Safe at Home! 05 Apr 13

Joe Mauer loves catching and playing for hometown fans!

Photo’s and Stories by Gordy Jones

It’s no accident that many Minnesotans who have made it to professional baseball opt to play in front of their hometown fans. Joe Mauer is one; he grew up in St. Paul and has never played for another major league team. A few other players have grown up here, then played in other states, and, more than midway into their careers, have come home to play for the Twins. Three of them grew up less than two miles from each other, and also played for the Toronto Blue Jays. They are Dave Winfield, Paul Molitor, and Jack Morris. Dave and Paul even got their 3,000th hits as Twins, playing in the Dome.

Another Minnesota ballplayer who came home to play for the Twins in the midst of an all-star career is Terry Steinbach, who has again returned to the Twins, this time as their bench coach.

Then there are guys from other places who have fallen in love with the area and have come to call it home. Justin Morneau is from Canada and has a winter home in Arizona, but no matter where his career leads him, he plans to always have a home here.

The late great Kirby Puckett was from Illinois and died at his winter home in Arizona, but he considered himself a true Minnesotan.

Doug Mientkiewicz flashed a sign as he coaches a minor league game at training camp.

Next, we have guys from all over the world who were at one time Twins, who have returned later in life to work in the organization. This wasn’t always the case. It was a rookie team president more than a decade ago who realized how talented and knowledgeable many members of the Twins’ alumni are, and wondered why, at the time, the Twins had no relationship with them. That’s when Dave St. Peter began inviting players back for reunions, and tapping into their heads at spring training. The Twins have had the most experienced and decorated spring training staff in the majors. The late Harmon Killebrew, Rod Carew, Paul Molitor, Tony Oliva, Tom Kelly, and Terry Steinbach have all been on staff. New this year are Doug Mientkiewicz and Tom Brunansky. Doug is the new manager of the Fort Myers Miracle, and Tom is now the Twins’ hitting coach.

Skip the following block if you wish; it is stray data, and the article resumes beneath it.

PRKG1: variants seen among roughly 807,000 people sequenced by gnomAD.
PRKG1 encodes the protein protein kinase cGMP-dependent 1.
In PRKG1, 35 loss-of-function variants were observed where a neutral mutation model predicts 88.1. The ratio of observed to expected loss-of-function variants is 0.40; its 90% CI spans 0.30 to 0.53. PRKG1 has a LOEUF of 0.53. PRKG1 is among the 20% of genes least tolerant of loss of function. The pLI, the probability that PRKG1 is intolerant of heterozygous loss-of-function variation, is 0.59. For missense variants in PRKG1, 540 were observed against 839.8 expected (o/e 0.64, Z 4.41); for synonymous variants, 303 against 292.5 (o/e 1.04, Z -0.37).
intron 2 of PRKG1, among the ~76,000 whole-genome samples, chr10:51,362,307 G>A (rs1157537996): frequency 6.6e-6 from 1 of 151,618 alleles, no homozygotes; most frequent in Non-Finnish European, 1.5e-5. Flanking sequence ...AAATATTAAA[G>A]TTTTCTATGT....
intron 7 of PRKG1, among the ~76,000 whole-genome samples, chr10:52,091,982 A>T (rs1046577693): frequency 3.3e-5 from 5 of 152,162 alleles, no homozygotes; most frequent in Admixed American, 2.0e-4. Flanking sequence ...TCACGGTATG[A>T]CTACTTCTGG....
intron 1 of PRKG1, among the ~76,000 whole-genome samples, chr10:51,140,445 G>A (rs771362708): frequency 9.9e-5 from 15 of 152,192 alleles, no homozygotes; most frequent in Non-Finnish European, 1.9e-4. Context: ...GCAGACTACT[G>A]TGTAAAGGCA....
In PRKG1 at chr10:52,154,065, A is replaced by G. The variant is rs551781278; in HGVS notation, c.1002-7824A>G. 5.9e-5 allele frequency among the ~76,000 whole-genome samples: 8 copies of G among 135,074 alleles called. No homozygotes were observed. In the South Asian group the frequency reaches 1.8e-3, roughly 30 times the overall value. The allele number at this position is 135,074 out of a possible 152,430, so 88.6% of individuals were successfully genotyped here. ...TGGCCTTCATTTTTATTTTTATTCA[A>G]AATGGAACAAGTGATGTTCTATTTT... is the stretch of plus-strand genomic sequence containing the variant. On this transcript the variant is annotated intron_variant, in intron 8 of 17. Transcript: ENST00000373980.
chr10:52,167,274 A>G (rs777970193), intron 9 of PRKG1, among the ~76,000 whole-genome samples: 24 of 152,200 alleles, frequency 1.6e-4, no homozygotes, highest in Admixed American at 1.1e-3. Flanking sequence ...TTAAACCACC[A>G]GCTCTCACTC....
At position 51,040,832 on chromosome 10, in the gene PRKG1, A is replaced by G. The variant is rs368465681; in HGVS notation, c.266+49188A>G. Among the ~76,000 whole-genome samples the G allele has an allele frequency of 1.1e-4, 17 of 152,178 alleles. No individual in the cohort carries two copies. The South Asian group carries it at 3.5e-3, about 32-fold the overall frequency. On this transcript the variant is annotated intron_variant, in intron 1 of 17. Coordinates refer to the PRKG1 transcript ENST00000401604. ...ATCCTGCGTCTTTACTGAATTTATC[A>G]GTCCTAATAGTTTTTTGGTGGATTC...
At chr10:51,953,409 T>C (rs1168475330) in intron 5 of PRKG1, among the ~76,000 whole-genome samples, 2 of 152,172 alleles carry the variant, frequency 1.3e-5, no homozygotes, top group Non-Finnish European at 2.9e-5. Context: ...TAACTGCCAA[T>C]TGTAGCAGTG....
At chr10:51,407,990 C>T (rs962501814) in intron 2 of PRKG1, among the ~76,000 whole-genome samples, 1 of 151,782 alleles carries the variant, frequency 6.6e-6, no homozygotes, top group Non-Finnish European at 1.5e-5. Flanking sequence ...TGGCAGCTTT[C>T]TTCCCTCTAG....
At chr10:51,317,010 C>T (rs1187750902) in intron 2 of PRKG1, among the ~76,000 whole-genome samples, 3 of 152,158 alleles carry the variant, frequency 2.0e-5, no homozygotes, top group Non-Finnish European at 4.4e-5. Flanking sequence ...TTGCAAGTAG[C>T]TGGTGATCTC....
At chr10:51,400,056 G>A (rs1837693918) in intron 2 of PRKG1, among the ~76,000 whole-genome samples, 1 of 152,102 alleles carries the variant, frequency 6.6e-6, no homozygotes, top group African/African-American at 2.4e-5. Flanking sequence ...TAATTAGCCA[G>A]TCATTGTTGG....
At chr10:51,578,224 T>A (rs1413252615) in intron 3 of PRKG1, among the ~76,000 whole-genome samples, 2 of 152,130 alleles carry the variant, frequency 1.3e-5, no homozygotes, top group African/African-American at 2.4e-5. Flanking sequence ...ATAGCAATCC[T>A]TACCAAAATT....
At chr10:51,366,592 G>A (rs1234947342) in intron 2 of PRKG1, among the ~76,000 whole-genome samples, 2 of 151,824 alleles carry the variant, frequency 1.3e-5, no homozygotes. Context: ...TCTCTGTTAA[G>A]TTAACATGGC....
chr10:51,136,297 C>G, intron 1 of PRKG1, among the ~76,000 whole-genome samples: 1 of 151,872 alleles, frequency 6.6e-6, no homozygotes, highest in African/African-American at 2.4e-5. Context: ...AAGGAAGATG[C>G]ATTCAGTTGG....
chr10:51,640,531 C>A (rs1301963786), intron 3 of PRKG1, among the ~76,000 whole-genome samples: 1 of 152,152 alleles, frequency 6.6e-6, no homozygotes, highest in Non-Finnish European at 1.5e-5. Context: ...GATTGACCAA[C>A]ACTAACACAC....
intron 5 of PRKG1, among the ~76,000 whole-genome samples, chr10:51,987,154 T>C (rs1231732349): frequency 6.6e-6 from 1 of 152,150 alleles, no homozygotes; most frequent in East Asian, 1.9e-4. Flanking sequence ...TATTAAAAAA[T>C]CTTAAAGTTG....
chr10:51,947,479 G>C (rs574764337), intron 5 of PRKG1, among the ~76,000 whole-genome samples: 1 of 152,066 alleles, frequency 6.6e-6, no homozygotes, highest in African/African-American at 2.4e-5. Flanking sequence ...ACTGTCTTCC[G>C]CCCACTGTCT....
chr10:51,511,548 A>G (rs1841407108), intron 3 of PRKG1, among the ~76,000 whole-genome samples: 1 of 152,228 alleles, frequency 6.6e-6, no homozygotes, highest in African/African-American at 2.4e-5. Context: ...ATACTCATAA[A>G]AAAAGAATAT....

Dave Winfield and Paul Molitor grew up within a mile of each other, had the same coach as kids (Billy Peterson), played for the U of M, played for several major league teams including Toronto and the Twins, and were inducted to the Hall of Fame.

It’s smart baseball to tap into such great resources as these fellows, who, besides being quite knowledgeable about baseball and the Twins’ style of play, are also great guys. But it also says something for the Twins organization as a whole that these men, who are highly respected throughout the game, want to return.

I caught up with Tom Brunansky to talk about his return, and he said: “It’s like a kid who has gone off to school, coming back home and feeling so welcome.” I asked Tom what were his fondest memories as a ballplayer,

and I thought for sure he’d just say the World Series, but he said, “Just learning to be a ballplayer while wearing a Twins uniform — of course the World Series — but there were a lot of things that went on before that. A lot of tough defeats, a lot of learning, a lot of growing pains; and to be able come here to share those experiences with these guys. I still feel I’m part of Minnesota, and to come and work with these guys, and share what I’ve learned, I feel we can build off of that.”

Tom Brunansky, the new hitting coach, is shown demonstrating his stance.

There is something about the Twins that lures these guys back. Tom said that he was the one who contacted the Twins about a job. “Yeah, after coaching high school for a few years, I decided that’s what I wanted to do. I called Jim Rantz, and fortunately something opened up.” Then he thought for a moment and said, “This game’s tough, and I know it can be hard to hit — especially at this level, where everything is magnified. There is a lot of failure in baseball. I learned because I’ve walked that fine line where I’ve nearly fallen off the bridge quite a few times. So I try to be as positive and as helpful as I can. I’m going to take care of my hitters; I’m going to do my

homework on the opposing pitchers, just as if I were going to face that pitcher. I’m going to be careful with information I hand out to certain players; some can handle it, and some cannot. The veterans are locked up, they know how to prepare — but some of the young guys, I can help with their approach for that night. I’ll try to make it fun.”

Tom is serious about winning, but about fun as well. Just as when he was a player, you see the guys around him laughing and smiling. Welcome home, Bruno!